Basile's narrator attempts to exorcise memories, but she remains tainted, both in mind and body. In “paradise” she says “it hurts to speak but it must be done.” “I don't respect these monsters but I weep anyway...with bubblegum/popping through my black veil.”

skirts and slack di piero

Place plays a substantial role in establishing environment. Place can be used as a metaphor to define abstractions, as a backdrop that can help set tone or even as a character which can enhance movement and increase tension. Utilizing a sense of place can be an important factor in building depth in a poem and can be a significant tool for the development of characters.

I'm about to go read everything here another five times. Hope you'll join me.


"You will never win this land war.
Run and fuck and run and fuck
and call it making love,

but I know you and I know me
and neither of us is Russia,
you cunt."

I'm very excited to publish the below essay by Jessica Suzanne Reidy, which looks at a Romani poem about the apparition of a witch, a traditional character in Romani folkore. In the interest of readers fully understanding the culture that this poem (and this essay) come from, I would like to provide a brief introduction and some context. Romani denotes the ethnic group more commonly referred to as Gypsies. Dr. Ian Hancock, Romani linguist and scholar, explains in Roads of the Roma that the first Romani were likely many groups of people in Northern India, from low-caste Indians to African migrants, sent to fight an invading Muslim army, around the 11th century C.E. After the war was lost, most of the enormous army moved with their families through the mountains and [...]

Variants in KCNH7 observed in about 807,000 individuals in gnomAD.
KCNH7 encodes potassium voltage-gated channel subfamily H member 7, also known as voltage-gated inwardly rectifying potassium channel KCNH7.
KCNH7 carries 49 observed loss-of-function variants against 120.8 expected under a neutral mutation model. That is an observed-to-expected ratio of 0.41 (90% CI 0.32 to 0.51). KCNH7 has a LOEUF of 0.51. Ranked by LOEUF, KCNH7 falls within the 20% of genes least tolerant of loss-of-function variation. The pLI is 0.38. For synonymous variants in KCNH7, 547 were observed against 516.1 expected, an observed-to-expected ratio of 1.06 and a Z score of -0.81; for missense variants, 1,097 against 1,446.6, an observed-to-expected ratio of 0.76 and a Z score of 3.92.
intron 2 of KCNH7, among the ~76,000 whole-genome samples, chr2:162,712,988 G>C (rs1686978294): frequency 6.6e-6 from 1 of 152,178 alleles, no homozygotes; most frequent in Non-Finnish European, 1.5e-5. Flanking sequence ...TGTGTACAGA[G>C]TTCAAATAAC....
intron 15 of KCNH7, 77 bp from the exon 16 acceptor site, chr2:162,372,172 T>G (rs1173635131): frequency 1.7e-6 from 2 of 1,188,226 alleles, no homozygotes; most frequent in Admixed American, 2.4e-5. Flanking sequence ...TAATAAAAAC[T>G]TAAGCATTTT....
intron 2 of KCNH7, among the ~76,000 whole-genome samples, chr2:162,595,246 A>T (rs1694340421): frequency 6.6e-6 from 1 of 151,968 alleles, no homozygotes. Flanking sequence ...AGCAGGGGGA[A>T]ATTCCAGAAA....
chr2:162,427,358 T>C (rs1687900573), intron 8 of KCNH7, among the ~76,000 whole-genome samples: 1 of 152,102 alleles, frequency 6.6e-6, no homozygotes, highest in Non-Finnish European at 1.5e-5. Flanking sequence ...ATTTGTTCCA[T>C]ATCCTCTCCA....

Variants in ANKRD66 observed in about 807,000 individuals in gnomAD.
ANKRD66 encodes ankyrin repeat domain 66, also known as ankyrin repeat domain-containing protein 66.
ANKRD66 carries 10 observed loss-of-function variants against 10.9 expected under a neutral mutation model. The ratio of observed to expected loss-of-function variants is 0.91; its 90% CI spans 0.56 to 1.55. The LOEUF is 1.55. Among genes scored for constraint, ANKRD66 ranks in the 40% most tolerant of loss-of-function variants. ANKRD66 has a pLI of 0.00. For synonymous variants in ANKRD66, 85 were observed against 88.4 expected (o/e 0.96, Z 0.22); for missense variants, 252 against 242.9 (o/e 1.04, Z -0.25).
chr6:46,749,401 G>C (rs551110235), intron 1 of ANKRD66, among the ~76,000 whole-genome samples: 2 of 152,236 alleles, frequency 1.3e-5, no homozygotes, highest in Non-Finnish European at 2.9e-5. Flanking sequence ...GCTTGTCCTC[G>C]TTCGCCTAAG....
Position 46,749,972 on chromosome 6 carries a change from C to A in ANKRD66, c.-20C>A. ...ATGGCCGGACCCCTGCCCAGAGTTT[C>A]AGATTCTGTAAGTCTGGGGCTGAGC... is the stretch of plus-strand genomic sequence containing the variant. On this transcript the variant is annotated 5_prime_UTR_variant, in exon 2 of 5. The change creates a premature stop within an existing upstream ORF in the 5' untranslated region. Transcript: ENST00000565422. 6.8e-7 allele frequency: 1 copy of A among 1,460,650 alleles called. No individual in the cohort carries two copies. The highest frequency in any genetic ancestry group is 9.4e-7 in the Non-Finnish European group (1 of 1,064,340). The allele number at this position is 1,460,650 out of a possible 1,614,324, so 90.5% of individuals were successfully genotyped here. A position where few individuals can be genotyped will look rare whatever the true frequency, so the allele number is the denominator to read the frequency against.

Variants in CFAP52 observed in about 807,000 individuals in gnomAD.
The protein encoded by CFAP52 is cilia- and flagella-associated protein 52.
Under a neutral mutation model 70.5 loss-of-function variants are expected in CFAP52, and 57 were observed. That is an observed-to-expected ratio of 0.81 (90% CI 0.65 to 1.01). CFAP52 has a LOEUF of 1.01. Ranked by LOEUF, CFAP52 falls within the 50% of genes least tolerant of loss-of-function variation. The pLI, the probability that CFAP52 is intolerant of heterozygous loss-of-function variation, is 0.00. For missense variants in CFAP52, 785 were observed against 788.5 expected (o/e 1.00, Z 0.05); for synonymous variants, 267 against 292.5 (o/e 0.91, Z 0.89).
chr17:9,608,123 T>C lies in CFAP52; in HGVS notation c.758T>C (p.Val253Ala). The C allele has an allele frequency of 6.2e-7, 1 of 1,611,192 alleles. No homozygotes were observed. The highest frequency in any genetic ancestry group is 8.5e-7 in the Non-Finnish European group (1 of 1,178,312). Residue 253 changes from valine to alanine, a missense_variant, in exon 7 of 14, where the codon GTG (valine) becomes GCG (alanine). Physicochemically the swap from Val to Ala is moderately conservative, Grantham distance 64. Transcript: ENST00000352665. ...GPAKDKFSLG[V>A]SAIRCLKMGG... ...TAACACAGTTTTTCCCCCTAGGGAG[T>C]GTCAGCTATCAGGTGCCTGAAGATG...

"To an outsider, Choxani stealing away the eyes and heart of the speaker might sound like a brutal punishment. . . . However, Choxani’s action is a literal expression of Romani idioms about love. Delia Grigore, Lecturer of Rromani Language and Literature Chair of the Oriental Languages Department, writes that, “[t]he colloquial greeting ‘te xav tirre jakha’ (‘let me eat your eyes’) is a sign of affection and of the need for protection.” And Sarah Carmona, a leading Romani historian of Roma in Europe, explains that “…[i]n Romani when you tell someone that you love him you might say, ‘I eat your heart’ or ‘I eat your belly.’” So taking the speaker’s heart and eyes could be read as returning, even protecting her love. Compounding this, the eyes and heart are invoked in spells, and they are body parts most commonly affected by magic. Love is the itch, love is the magic, and love is the change she wields."


  Note: The Hesperides are divine nymphs in Greek myth who tend a blissful garden in some idyllic corner of the Western world, and are associated with the golden light of sunset.       Patty Hyland is a freelance illustrator in the NYC metropolitan area. She is currently working on her first webcomic, Tri-UMPH!, a humorous seafaring adventure epic. You may find more of her work on her Facebook and Tumblr pages.